Corns and Callouses
Callouses and corns are hard layers of skin that develop in response to friction, pressure and shearing forces. Callouses tend to be larger than corns. They can vary in size and shape. They are not necessarily painful. We typically see callouses on the balls of the feet and the heels. Corns tend to be smaller with a hard centre and the surrounding skin can be inflamed. Corns tend to develop on the balls of the foot, toes and in-between toes.
Corns and callouses develop due to abnormal loading through the foot or by poorly fitting footwear. Corns that develop on the tops of the toes or in between toes are often caused by footwear rubbing against the toes. If a corn develops in-between the toes it is often caused by constrictive footwear.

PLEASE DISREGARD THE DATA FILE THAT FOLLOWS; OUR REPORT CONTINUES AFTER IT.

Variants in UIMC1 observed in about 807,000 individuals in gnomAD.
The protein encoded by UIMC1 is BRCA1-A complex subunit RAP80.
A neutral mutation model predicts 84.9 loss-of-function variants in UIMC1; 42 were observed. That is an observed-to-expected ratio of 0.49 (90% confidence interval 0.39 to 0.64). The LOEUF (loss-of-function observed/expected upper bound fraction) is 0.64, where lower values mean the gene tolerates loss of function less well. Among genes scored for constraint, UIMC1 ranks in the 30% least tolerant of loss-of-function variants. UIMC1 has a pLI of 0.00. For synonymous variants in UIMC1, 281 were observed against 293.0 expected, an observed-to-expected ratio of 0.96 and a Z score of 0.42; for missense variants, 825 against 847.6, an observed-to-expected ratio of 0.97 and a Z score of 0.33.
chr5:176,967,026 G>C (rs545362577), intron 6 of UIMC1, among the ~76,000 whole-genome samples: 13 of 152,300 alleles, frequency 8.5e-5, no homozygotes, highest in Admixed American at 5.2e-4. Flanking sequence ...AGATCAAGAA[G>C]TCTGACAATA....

There are a few different types of corns. A hard corn typically occurs on tops of the toes and on the ball of the foot. A soft corn absorbs moisture from perspiration and can look white and soggy in appearance. These can be very painful and more likely to become infected as the skin integrity is more compromised when it is soggy and macerated.
Podiatrists can pare down and remove callouses and corns painlessly. They will return however, if the friction/ pressure or shearing remains. You should never use ‘corn pads’ as these contain acid and may cause skin breakdowns and potential infections. You should not also cut away at the yourself – you are more likely to cause further tissue damage and infection through the use of non-sterilised equipment. Your podiatrist can also advise on appropriately fitting footwear and other treatment options such as orthotic therapy to offload any painful areas.